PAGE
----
Kristen Watson, gowned in an exquisite, shimmering sheath bedecked with colorful butterflies, then arrived on stage for Heitor Villa-Lobos’s Bachiana Brasileira No. 5 for Eight Violoncellos and Soprano, his most familiar composition. But, where were the eight ‘cellos? In their place were two violins, and one each viola, ‘cello, and contrabass. How would this work? While the accompanying sonorities were certainly different from the original, this artful arrangement by Daniel Stepner (modestly unattributed in the program book) worked ingeniously well, supplying plenty of color and exoticism, with violins and viola often employing strummed and plucked pizzicatti and held guitar-style in the laps of their players. Ms. Watson sang the opening Cantilena radiantly and seductively, employing a gorgeously shimmering mezza-voce when the sinuous opening melody returns at the aria’s close. Equally remarkable was her mastery of the rapid-fire Portuguese in the lively Dansa (Martelo) second movement. Not only were her pitches dead-on in this fleet and vocally demanding music that trips and dances up and down the musical staff, but her exposition of the language was clear and confident. All this for having seen this music for the first time only 24 hours or so earlier! The audience erupted with well-deserved bravas at the end, echoed by the smiling faces and applause from her accompanying musicians.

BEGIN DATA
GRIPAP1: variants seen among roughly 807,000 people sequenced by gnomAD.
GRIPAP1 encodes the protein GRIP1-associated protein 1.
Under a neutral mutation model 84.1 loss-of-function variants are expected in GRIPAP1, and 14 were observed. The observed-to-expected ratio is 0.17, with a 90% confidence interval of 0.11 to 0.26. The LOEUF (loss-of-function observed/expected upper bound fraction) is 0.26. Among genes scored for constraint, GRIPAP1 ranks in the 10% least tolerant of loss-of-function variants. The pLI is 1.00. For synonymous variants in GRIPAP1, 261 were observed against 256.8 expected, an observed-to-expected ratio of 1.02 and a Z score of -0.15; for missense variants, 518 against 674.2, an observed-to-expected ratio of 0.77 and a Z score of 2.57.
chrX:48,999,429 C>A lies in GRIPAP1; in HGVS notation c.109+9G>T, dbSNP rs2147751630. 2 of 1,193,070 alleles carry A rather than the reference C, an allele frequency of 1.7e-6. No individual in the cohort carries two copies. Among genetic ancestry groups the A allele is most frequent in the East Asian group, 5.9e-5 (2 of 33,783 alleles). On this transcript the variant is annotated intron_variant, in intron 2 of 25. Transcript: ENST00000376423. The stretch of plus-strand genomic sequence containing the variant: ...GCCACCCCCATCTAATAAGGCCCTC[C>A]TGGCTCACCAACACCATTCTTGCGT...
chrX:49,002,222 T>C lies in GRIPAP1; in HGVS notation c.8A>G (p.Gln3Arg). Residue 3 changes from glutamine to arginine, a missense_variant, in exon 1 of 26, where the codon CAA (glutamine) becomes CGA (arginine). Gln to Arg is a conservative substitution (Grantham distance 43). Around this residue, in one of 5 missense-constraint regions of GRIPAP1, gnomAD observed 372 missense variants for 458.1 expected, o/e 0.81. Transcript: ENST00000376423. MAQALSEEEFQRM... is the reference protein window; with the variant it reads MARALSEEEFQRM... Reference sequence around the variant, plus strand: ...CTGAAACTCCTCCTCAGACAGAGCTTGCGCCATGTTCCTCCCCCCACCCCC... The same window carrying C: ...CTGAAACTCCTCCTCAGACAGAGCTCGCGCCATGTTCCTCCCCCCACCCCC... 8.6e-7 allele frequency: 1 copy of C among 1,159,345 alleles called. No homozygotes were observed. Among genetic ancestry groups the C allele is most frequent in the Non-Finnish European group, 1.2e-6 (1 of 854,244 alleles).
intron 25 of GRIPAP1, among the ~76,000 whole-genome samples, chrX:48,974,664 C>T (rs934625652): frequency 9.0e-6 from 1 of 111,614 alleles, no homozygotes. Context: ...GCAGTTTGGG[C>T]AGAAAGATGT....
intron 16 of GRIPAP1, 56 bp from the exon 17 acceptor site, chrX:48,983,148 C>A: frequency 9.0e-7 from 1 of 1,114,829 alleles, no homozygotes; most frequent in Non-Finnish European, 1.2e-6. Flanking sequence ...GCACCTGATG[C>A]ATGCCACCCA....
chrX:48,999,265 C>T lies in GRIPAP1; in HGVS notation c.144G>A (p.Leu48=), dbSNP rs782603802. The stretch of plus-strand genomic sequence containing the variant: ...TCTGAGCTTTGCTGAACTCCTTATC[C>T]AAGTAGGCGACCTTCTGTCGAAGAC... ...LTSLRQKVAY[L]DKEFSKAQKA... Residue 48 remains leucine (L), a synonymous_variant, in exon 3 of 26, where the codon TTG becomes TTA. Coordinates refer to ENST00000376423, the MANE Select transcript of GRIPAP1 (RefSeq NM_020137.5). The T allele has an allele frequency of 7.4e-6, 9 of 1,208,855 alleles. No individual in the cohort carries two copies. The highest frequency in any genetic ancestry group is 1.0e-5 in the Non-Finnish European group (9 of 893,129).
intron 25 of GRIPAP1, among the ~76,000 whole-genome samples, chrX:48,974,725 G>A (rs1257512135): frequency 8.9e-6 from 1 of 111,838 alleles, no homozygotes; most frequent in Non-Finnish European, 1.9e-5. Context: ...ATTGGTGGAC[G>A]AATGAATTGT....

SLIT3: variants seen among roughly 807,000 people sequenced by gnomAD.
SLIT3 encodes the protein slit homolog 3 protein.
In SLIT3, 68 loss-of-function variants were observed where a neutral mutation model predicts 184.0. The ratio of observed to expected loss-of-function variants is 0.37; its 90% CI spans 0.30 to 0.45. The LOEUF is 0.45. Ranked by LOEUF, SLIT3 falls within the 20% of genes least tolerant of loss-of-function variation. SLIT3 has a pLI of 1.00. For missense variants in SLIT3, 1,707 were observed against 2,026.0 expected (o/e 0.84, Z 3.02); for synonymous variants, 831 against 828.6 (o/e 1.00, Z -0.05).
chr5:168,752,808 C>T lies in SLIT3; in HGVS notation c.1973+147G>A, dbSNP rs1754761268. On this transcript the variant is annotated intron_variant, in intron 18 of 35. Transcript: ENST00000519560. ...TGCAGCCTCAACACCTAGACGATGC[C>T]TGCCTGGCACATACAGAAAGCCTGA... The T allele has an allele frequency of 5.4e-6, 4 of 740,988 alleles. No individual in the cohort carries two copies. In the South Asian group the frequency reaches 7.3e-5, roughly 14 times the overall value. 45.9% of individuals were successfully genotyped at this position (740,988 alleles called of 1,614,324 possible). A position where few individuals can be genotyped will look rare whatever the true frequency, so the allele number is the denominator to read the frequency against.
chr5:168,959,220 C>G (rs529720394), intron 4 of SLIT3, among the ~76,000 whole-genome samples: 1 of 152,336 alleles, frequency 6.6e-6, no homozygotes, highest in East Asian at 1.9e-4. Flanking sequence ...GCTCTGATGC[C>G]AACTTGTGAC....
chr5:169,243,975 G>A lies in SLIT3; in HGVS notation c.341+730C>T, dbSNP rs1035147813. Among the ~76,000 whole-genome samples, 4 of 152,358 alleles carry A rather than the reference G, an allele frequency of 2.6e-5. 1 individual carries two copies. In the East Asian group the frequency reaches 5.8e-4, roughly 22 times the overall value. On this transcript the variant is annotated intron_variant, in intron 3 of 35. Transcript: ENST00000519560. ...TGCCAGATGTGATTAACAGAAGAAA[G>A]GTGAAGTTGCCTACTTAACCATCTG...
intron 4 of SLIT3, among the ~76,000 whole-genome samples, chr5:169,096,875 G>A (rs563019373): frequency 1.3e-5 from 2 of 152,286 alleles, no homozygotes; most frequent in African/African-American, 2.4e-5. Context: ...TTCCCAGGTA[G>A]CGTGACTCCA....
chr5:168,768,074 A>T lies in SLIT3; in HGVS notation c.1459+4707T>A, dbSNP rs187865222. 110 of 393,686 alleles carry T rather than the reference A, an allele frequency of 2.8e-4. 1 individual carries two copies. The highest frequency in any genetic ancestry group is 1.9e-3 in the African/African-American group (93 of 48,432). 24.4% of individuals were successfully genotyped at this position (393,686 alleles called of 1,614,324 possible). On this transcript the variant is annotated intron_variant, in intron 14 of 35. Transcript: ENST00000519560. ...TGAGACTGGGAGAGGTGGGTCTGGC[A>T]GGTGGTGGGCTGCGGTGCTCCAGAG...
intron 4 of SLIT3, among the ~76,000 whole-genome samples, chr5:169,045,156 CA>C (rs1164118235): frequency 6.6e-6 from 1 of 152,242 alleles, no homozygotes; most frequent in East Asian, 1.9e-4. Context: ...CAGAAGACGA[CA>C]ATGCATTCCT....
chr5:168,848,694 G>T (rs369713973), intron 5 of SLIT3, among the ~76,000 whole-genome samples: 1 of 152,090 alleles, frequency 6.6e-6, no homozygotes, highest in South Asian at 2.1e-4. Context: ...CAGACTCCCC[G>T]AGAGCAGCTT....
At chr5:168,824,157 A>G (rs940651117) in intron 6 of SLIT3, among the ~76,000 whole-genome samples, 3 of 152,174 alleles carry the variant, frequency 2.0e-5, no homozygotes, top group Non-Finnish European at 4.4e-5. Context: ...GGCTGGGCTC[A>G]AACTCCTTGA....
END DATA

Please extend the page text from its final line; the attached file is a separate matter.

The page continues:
After intermission an ensemble of violins, viola, oboe, cello, and theorbo offered an intriguing look into J. S. Bach’s “mental workshop.” In his pre-concert talk, Stepner told his listeners that Bach’s personal score of the Goldberg Variations —which had been discovered in Paris in 1974 — contained a loose sheet of manuscript paper that had written on it, in Bach’s hand, 14 canons based on the first eight notes of the bass line of the Goldberg’s theme. Stepner and colleagues then offered a strung-together presentation of these canons, one after the other, some repeated, some not. Bach’s canons run the gamut of genius, offering their musical lines played forward, backward, upside down, or all of these at once. And after the 14th canon, Bach apparently wrote “usw” (and so on…). This interesting glimpse of Bach “at work” that reinforced the composer’s reputation for ever-inquiring intellect was edifying to hear.